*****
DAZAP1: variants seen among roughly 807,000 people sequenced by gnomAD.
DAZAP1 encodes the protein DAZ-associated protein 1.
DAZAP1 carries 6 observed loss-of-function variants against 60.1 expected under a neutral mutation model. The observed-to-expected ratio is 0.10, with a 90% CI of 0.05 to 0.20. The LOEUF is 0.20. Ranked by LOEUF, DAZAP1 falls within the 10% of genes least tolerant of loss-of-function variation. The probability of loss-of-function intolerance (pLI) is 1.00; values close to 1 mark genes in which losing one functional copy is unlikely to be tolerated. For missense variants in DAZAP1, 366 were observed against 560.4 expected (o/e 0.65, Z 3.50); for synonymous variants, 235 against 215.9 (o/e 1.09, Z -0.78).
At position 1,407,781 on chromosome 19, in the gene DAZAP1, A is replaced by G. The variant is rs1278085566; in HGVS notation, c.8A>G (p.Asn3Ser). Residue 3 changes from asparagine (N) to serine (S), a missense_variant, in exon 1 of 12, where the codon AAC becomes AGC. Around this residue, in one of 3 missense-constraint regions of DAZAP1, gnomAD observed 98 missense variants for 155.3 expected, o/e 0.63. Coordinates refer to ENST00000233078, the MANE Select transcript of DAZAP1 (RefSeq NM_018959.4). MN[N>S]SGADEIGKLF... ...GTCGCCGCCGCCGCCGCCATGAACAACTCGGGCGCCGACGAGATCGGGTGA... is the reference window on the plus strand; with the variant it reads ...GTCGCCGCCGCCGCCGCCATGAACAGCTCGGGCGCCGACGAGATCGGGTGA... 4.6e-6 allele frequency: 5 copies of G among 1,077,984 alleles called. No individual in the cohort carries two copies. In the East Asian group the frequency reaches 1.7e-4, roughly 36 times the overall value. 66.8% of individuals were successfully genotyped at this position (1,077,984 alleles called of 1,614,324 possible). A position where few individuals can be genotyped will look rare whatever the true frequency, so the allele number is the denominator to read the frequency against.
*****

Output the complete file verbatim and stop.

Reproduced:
DAZAP1: variants seen among roughly 807,000 people sequenced by gnomAD.
DAZAP1 encodes the protein DAZ-associated protein 1.
DAZAP1 carries 6 observed loss-of-function variants against 60.1 expected under a neutral mutation model. The observed-to-expected ratio is 0.10, with a 90% CI of 0.05 to 0.20. The LOEUF is 0.20. Ranked by LOEUF, DAZAP1 falls within the 10% of genes least tolerant of loss-of-function variation. The probability of loss-of-function intolerance (pLI) is 1.00; values close to 1 mark genes in which losing one functional copy is unlikely to be tolerated. For missense variants in DAZAP1, 366 were observed against 560.4 expected (o/e 0.65, Z 3.50); for synonymous variants, 235 against 215.9 (o/e 1.09, Z -0.78).
At position 1,407,781 on chromosome 19, in the gene DAZAP1, A is replaced by G. The variant is rs1278085566; in HGVS notation, c.8A>G (p.Asn3Ser). Residue 3 changes from asparagine (N) to serine (S), a missense_variant, in exon 1 of 12, where the codon AAC becomes AGC. Around this residue, in one of 3 missense-constraint regions of DAZAP1, gnomAD observed 98 missense variants for 155.3 expected, o/e 0.63. Coordinates refer to ENST00000233078, the MANE Select transcript of DAZAP1 (RefSeq NM_018959.4). MN[N>S]SGADEIGKLF... ...GTCGCCGCCGCCGCCGCCATGAACAACTCGGGCGCCGACGAGATCGGGTGA... is the reference window on the plus strand; with the variant it reads ...GTCGCCGCCGCCGCCGCCATGAACAGCTCGGGCGCCGACGAGATCGGGTGA... 4.6e-6 allele frequency: 5 copies of G among 1,077,984 alleles called. No individual in the cohort carries two copies. In the East Asian group the frequency reaches 1.7e-4, roughly 36 times the overall value. 66.8% of individuals were successfully genotyped at this position (1,077,984 alleles called of 1,614,324 possible). A position where few individuals can be genotyped will look rare whatever the true frequency, so the allele number is the denominator to read the frequency against.